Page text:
The ideal regimen for the prevention of postoperative infections occurring after elective cholecystectomy has been widely debated. This double-blind, randomized study was conducted to compare the effectiveness and safety of cefuroxime with that of cefazolin in 295 patients undergoing elective cholecystectomy who were considered to be at high risk for postoperative infection. Patients were randomly assigned to receive either a single 1.5 gram dose of cefuroxime plus three doses of placebo, or four 1 gram doses of cefazolin. Each regimen was begun 30 to 60 minutes preoperatively and repeated every six hours for three doses postoperatively. Patients were evaluated during the hospitalization period and again at 30 days. All postoperative infections, including remote infections, were included in the definition of failure. Bacteriologic success rates were 95.5 percent in the cefuroxime group and 98.2 percent in the cefazolin group (p>0.05). Corresponding clinical success rates were 91.4 and 94.9 percent (p>0.05), respectively. There was no association between intraoperative bile cultures and the risk of failure or the type of microorganism isolated from postoperative infections. Both regimens were well-tolerated. In view of the additional costs and time associated with preparation and administration of multiple doses, a single preoperative 1.5 gram dose of cefuroxime may be a cost-effective alternative to four 1 gram doses of cefazolin in patients undergoing elective cholecystectomy who are at high risk for postoperative infection.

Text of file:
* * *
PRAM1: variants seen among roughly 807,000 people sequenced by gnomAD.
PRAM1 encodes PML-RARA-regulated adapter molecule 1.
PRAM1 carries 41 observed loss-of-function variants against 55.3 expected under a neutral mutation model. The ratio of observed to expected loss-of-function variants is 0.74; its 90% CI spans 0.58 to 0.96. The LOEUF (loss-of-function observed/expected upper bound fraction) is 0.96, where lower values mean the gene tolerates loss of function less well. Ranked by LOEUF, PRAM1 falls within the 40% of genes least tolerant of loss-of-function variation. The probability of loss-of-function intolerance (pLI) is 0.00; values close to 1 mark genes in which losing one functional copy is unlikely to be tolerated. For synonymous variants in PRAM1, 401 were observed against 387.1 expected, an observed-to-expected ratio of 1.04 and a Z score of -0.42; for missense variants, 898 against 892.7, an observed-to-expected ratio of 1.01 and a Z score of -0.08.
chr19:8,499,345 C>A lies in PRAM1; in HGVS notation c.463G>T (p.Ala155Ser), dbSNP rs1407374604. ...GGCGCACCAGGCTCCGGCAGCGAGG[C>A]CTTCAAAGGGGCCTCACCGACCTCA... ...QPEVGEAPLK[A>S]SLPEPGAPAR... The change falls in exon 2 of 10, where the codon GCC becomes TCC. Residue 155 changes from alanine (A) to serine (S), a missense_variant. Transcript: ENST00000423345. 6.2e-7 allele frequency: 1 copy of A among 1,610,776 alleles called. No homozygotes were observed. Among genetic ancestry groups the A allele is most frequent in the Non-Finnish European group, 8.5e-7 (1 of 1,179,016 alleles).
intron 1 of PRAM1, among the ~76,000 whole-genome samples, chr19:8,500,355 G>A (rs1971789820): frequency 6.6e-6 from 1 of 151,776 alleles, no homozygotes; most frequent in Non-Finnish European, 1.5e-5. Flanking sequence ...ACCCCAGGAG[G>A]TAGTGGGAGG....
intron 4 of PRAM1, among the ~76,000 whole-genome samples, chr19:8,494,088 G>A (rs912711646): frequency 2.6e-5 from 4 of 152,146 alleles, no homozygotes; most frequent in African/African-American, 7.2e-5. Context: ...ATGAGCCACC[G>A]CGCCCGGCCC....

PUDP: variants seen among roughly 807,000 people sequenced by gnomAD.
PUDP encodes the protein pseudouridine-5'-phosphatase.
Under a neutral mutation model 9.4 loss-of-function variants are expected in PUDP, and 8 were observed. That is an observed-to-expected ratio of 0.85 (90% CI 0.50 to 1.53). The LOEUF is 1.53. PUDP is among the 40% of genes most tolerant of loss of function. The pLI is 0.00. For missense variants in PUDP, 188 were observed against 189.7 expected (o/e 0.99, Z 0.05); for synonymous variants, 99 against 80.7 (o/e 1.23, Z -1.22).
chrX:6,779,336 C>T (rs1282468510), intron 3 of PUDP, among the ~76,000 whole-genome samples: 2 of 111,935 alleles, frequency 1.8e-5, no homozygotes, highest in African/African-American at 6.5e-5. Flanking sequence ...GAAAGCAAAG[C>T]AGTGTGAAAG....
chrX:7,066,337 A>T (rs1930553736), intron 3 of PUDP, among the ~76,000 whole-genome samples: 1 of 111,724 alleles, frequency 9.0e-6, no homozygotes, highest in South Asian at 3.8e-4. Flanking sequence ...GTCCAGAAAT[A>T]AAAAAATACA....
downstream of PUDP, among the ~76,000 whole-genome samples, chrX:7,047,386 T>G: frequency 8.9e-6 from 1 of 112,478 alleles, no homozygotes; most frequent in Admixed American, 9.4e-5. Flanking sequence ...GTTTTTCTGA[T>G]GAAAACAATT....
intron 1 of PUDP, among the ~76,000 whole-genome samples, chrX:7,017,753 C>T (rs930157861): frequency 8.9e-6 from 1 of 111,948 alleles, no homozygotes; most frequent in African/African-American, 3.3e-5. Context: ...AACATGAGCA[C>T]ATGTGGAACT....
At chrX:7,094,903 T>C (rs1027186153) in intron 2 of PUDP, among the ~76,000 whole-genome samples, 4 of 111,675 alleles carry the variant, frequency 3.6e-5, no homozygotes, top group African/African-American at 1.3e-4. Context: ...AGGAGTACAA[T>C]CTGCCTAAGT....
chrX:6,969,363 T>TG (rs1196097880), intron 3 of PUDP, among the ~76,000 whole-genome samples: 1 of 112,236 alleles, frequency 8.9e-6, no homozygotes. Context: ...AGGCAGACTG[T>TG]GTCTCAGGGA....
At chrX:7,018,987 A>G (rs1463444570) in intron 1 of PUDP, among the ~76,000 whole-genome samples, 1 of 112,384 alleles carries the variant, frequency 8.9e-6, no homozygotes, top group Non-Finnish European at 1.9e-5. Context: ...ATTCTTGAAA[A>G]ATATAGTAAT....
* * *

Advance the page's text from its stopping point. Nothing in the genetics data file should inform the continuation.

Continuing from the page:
|Original language||English (US)|
|Number of pages||5|
|Journal||Journal of the American College of Surgeons|
|State||Published - 1994|
ASJC Scopus subject areas